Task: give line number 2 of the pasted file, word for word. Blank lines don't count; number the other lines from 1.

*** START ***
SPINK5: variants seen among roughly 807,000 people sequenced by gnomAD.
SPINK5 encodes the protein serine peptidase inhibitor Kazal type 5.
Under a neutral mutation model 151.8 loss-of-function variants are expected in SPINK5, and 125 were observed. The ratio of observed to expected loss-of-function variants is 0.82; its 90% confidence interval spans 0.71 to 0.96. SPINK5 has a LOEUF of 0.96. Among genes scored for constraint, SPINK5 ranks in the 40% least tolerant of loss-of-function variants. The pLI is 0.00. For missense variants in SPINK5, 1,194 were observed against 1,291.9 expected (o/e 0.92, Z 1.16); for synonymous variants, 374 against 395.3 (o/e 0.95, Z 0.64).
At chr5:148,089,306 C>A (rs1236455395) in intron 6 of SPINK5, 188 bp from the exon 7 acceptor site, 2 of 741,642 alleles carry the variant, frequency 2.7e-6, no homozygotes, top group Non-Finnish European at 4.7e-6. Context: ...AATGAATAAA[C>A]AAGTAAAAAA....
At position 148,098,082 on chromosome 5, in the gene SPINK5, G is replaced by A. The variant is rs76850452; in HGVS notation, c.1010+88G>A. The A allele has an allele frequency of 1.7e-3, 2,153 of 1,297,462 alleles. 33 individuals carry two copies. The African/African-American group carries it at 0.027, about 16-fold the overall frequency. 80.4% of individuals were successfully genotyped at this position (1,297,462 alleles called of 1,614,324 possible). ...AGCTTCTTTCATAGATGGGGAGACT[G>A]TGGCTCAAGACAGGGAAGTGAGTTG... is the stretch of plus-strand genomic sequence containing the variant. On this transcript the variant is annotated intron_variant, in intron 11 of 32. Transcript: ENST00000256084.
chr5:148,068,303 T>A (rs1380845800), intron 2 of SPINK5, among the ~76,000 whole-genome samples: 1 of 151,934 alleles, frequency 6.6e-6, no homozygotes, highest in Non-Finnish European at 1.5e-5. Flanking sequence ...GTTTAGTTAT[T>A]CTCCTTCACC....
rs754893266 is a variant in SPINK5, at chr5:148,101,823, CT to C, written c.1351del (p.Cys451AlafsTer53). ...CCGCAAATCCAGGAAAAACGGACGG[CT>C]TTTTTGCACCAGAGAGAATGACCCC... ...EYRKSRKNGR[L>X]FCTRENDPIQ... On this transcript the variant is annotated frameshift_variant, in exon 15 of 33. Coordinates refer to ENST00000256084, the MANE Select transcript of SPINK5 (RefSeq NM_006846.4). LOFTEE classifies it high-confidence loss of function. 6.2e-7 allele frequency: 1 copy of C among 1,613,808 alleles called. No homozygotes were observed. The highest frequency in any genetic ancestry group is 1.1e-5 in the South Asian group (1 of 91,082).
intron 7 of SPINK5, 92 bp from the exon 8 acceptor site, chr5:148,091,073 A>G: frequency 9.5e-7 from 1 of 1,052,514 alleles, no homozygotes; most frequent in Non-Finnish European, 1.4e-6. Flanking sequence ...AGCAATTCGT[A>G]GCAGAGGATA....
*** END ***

SPINK5 encodes the protein serine peptidase inhibitor Kazal type 5.